Rugby has always played a major role in Alexandria Olton’s life. She spent much of her childhood as a spectator, watching her dad and her uncles play rugby for Trinidad Northerners RFC. Her time pitch-side allowed Alex to become fully immersed in the sport, culture, and comradery, adopting many new “uncles” along the way.
At the age of 11, Alex began her playing career, attending a mixed rugby summer camp, under the leadership of a local coaching team with the addition of a few coaches visiting from Ireland. The camp lasted two months but made a lasting impression on Alex. A lack of girls/women’s teams wasn’t going to stop her passion. Alex took her cause to the principal of her secondary school, and after much negotiation, successfully established a girls touch team. Unfortunately, the touch team didn’t have a long lifespan, but it did push Alex to search for other options. Joining Caribs RFC, Alex found her footing in a small but consistent women’s programme, which served as her introduction to contact rugby. She stuck with the sport throughout her schooling, finding ample opportunities in the UK during her university career, notably representing three university clubs, and playing for local clubs in Canterbury, London and Birmingham.
When playing was no longer an option, due to a serious and chronic back injury, Alex was forced to reassess her role in rugby. Having qualified as a referee during her playing years, Alex turned to her knowledge and experience as a player/coach during her time in Canterbury, choosing to pursue voluntary coaching roles. Starting in the UK, Alex served as a coach for girls programmes from U6’s to U13’s, in addition to coaching a boys U17’s team.
In 2018, Alex returned to Trinidad and Tobago as a qualified Sport and Exercise Psychologist. Upon the suggestion of a friend and colleague, she began coaching the women at Royalians RFC under technical director, Carlton Felix. Fast forward to 2021, and you’ll find Alex serving as the head coach of the Royalians RFC, and as an assistant coach to the Women’s National XV’s team.
Living in the “world of sport”, Alex remarked, “it’s a dream to combine coaching and my career. I have to remember when to take off my sport psych hat and put on my coaching hat sometimes, but skills that I have learned through my career certainly help me in being a better coach, and ultimately giving a better version of my coaching- self to the players I interact with”.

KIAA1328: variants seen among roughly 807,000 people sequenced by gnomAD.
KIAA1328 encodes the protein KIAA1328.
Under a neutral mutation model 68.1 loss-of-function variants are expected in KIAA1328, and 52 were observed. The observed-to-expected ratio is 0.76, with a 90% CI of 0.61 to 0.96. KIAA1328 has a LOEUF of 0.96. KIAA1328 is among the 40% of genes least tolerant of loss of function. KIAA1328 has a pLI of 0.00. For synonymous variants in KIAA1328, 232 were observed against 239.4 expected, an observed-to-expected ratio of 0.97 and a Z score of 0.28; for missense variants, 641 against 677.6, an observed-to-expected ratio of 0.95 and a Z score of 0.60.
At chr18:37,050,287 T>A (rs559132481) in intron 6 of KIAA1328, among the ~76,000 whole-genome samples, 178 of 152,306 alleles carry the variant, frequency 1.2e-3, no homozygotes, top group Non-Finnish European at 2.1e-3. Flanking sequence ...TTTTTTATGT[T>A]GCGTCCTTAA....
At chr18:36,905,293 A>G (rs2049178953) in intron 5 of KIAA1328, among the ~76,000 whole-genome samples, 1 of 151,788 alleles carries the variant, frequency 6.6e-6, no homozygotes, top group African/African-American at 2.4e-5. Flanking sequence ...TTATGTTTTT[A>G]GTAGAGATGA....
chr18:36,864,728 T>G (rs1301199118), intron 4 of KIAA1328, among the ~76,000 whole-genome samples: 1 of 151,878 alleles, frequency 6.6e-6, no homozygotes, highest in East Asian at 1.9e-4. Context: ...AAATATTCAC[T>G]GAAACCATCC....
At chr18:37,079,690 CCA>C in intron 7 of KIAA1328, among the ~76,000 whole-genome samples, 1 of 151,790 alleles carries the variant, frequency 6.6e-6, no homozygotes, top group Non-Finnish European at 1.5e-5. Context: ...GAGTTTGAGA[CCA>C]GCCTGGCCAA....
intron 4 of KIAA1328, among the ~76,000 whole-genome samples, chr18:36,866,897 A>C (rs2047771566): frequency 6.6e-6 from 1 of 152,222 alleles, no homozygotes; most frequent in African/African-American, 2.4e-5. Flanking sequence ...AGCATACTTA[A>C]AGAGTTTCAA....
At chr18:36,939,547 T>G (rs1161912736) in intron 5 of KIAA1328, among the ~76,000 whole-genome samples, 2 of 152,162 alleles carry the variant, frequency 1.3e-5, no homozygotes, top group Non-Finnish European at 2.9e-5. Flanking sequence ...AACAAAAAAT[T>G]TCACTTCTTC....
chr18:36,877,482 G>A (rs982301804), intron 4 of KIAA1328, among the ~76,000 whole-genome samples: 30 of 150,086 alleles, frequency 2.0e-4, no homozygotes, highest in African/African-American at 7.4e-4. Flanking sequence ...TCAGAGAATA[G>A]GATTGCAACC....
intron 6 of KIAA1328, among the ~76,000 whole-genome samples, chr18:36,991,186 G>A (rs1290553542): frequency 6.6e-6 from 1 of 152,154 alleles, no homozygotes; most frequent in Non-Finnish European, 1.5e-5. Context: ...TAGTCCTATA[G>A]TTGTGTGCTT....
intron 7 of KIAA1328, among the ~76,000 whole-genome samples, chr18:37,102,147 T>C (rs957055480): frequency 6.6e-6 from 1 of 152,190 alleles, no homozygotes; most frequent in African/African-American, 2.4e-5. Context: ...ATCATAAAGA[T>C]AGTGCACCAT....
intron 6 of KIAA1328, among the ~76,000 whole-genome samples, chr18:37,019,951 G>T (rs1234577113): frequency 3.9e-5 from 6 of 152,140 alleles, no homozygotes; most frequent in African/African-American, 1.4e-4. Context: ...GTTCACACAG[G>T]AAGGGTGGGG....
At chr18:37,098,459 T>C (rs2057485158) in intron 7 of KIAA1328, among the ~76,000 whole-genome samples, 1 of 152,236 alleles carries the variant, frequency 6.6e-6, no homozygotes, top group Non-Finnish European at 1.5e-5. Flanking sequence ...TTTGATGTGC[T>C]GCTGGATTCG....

While Alex is pleased to see growth in women’s rugby, she acknowledges that there is still much work to be done. “Globally I think we’ve come a long way; we now have women being paid in the sport etc. but there is still a lot more groundwork to be done and we are nowhere near equal to the men’s game regarding financial investment and support. Locally here in Trinidad I can say the same, we have a lot more going on now for the women’s game than we did say 5-10 years ago from our school leagues to 7s tournaments and leagues etc. Our national team is on the map and have participated in multiple international tournaments, but there is still so much more to be done to ensure the sustainability and life of the game in the future. We have some real playmakers and advocates for the women’s game locally (I hope to be among them) so I certainly believe there are a lot of great things to come.”
With an established coaching career under her belt, Alex is hopeful to make a difference in Trinidad and Tobago Rugby. “I want to see sustainability of the sport and more young girls getting involved. I’d love for us to have a pool of young players from which we can draw for multiple national teams from U17 to
senior level. It would also be great to see social and competitive rugby festivals throughout the year so that even in the off-season there is still chatter about the sport. As much as possible I’d like to contribute positively to the continued growth and sustainability of the game. Generating as much interest as possible and encourage the athletes I work with to continue within the sport and get them to encourage others to join.”
While the COVID19 pandemic has impacted the rugby community, it hasn’t deterred Alex from her goals, “While we are in pandemic times and sport has been halted to an extent, I would like to work closely with the new TTRFU administration to continue to expand the local women’s landscape on digital platforms. There is so much that we can do, and I have utmost faith that with Maria Thomas as the new president-elect we are in for some great things.”